Worried about your son’s reading? Let’s look at what you should and shouldn’t be worried about.

Some boys (and girls) experience genuine difficulties in learning to read.  However, most cases of parental anxiety in this area are altogether unwarranted.  Let’s outline some factors that may and may not be cause for concern.

Parents often worry about their child’s reading progression.  Sometimes there is a legitimate reason, more often there isn’t.  Two things make it difficult to determine:

Two things make it difficult to determine:

  1.  We know that children take different paths while learning to read.  They develop early reading skills at different rates and through different reading experiences.  So, we can’t say that all boys should take a set amount of months/years to acquire a particular reading skill.
  2. Many indicators of difficulty are actual things that virtually all children do at first. A good example is confusing ‘b’ and ‘d’, which is common amongst 4 to 7-year olds, yet most are not dyslexic.  However, persistently confusing ‘b’ and ‘d’, in combination with other factors, can be an indication of dyslexic-type symptoms. (Up to 10-15% of the population has some of the difficulties associated with dyslexia, but only 3 – 4% need specific interventions.)


Let’s look at some possible issues:

  • Sometimes slow reading progress is linked with a separate issue, such as hyperactivity, vision issues, speech difficulty or dyspraxia.  The Literacy Trust provides information, developmental milestones and advice to help parents with their child’s literacy development.

    Be an observer.  If your son (or daughter) frequently shows two or more of the following behaviours, in spite of good ‘formal’ education for one to two years, discuss it with the teacher and request further investigation.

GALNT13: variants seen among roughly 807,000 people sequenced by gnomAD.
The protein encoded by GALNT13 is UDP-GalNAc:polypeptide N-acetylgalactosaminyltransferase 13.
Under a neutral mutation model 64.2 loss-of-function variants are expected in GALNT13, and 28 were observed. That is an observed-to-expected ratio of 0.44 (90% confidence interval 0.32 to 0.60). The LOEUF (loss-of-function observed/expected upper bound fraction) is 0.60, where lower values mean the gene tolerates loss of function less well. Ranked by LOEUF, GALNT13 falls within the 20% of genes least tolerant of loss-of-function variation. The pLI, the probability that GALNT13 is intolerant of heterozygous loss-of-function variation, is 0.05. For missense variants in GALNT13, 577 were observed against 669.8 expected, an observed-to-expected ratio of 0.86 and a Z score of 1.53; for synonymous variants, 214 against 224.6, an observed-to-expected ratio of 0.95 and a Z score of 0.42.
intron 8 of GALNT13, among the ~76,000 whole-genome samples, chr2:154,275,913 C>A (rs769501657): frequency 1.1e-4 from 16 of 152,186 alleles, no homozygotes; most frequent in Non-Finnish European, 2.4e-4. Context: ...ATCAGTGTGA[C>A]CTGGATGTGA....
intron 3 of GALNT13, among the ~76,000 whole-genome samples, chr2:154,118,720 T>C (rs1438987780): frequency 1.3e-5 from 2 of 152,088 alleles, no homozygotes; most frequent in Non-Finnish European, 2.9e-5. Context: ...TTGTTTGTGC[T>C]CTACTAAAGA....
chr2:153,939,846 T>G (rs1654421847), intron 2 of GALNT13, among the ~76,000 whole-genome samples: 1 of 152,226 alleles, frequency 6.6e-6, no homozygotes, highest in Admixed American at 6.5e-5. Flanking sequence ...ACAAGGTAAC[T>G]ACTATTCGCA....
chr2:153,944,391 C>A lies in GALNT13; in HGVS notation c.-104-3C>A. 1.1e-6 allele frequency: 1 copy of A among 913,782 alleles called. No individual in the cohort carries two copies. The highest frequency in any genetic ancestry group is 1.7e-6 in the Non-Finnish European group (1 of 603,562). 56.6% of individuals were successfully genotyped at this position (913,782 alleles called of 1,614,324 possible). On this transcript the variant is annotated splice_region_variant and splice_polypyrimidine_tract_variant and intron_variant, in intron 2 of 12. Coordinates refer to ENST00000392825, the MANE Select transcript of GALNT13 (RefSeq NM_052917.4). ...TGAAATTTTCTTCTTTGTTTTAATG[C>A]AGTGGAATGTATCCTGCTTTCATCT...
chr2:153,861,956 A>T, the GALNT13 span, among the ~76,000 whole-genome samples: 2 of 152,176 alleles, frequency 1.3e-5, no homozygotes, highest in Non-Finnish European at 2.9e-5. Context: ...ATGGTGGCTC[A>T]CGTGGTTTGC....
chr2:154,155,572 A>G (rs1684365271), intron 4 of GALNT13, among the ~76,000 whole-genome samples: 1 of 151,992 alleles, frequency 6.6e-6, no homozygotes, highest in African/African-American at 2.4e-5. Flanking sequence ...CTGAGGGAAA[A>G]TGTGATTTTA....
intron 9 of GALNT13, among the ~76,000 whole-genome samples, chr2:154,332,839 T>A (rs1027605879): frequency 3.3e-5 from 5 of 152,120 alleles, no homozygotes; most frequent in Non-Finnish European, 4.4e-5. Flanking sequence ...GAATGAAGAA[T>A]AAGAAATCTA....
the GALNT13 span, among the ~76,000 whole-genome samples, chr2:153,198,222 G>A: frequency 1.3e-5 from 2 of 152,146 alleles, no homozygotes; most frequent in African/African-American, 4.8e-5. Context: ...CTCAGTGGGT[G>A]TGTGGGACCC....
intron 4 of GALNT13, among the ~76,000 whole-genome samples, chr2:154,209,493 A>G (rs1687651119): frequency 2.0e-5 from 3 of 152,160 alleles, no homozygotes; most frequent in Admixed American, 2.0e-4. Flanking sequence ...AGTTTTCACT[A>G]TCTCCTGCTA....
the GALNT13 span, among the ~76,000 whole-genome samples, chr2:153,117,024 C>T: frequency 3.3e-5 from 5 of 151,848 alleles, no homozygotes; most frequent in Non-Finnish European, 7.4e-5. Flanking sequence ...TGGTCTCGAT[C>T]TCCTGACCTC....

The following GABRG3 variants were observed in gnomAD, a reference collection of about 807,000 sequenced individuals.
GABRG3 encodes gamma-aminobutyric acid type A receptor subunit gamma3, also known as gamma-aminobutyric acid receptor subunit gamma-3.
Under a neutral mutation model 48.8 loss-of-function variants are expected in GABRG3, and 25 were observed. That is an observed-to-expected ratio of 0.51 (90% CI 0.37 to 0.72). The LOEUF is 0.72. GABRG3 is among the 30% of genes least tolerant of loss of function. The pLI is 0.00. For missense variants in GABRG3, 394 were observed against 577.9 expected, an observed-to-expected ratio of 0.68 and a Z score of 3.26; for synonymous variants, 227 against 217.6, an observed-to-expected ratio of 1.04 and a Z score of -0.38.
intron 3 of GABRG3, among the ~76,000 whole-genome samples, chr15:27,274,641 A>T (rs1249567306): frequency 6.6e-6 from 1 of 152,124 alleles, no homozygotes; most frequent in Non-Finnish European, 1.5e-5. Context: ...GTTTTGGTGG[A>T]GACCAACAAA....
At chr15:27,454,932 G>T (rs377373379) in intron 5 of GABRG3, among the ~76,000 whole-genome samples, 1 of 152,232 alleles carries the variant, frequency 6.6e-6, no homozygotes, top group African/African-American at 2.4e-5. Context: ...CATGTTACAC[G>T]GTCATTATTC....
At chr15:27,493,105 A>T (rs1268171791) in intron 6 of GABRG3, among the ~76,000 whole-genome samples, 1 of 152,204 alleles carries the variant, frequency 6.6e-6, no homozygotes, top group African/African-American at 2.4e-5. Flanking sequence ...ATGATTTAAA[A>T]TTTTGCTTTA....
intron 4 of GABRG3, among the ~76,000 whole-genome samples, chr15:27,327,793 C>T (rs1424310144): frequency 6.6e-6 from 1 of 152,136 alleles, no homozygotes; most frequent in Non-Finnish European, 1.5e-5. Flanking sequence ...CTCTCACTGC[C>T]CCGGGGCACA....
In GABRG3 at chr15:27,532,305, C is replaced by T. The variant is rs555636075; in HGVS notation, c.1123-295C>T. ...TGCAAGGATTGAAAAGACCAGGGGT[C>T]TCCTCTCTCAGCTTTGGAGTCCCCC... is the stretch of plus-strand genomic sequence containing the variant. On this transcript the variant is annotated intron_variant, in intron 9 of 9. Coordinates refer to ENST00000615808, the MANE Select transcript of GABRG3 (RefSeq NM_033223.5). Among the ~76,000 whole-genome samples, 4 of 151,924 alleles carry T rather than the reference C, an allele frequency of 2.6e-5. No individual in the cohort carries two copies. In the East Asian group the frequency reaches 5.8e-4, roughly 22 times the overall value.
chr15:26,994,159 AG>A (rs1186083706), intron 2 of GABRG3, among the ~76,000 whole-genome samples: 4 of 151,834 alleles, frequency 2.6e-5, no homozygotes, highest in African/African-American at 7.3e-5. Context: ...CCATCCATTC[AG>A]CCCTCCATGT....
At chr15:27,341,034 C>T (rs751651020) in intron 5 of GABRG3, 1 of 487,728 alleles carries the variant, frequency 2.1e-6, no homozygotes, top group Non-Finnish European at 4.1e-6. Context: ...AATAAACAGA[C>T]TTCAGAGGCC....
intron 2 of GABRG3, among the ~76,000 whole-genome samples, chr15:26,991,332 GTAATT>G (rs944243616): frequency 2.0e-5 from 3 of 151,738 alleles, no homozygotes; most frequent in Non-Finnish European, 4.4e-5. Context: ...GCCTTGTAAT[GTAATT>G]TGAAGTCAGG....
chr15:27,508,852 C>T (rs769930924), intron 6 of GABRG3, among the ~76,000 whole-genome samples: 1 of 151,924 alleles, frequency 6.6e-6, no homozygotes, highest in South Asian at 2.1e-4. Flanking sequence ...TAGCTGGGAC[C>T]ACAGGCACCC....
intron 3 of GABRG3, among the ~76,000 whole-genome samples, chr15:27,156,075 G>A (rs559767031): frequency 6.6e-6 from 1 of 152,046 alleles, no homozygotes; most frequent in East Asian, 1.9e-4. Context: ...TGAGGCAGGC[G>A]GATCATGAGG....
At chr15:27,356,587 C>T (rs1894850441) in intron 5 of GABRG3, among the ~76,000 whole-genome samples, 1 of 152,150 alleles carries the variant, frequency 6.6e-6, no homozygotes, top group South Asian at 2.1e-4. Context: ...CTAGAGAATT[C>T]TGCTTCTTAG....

• Often confuses ‘b’/‘d’, ‘n’/‘u’, ‘m’/’w’, ‘p’/’q’
    • Tendency to write backwards or does mirror writing
    • Cannot learn or remember which letters make which sounds
    • Cannot learn or remember simple spellings
    • Cannot follow instructions with two or more parts
    • Is highly disorganised and /or clumsy (e.g. has difficulty with cutlery, despite help)
    • Show great difficulty with sequences (e.g. days of week, months, counting)
    • Has extremely poor pencil control
    • Cannot read simple nonsense words (e.g. pid, dop, yik)
    • Has a close relative (parent, sibling, grandparent) who finds/found reading/spelling especially difficult

    Remember that most children exhibit one or more of these worrisome behaviours from time to time.


Tips for Taking Action:

  • Trust your instinct – however, be mindful of comparing your child with a friend’s child. This can be misleading and unhelpful.
  • If you’re worried, raise concerns but DON’T let your son sense them.
  • Gather information – but from a variety of sources, not just a company wanting to sell their product.
  • If there is a problem, early intervention is important – but don’t worry, it’s never too late.
  • Keep your son’s confidence high – this is the best gift that you can give him.
  • All issues improve with patience and the right help. Some will actually disappear!
  • All children, whatever their reading level, have strengths and value – be sure to nurture them.

Resources for parents:

a)  Print out the Home Literacy Checklist and check it for ideas.

b) Print out the Dolch sight words by grade level 

c)  Print out the Fry sight word lists 

Try to understand that boys can be a little flighty when it comes to reading, but they need lots of encouragement and books that they want to gobble up!

Check out our blogs for more ideas and tips.

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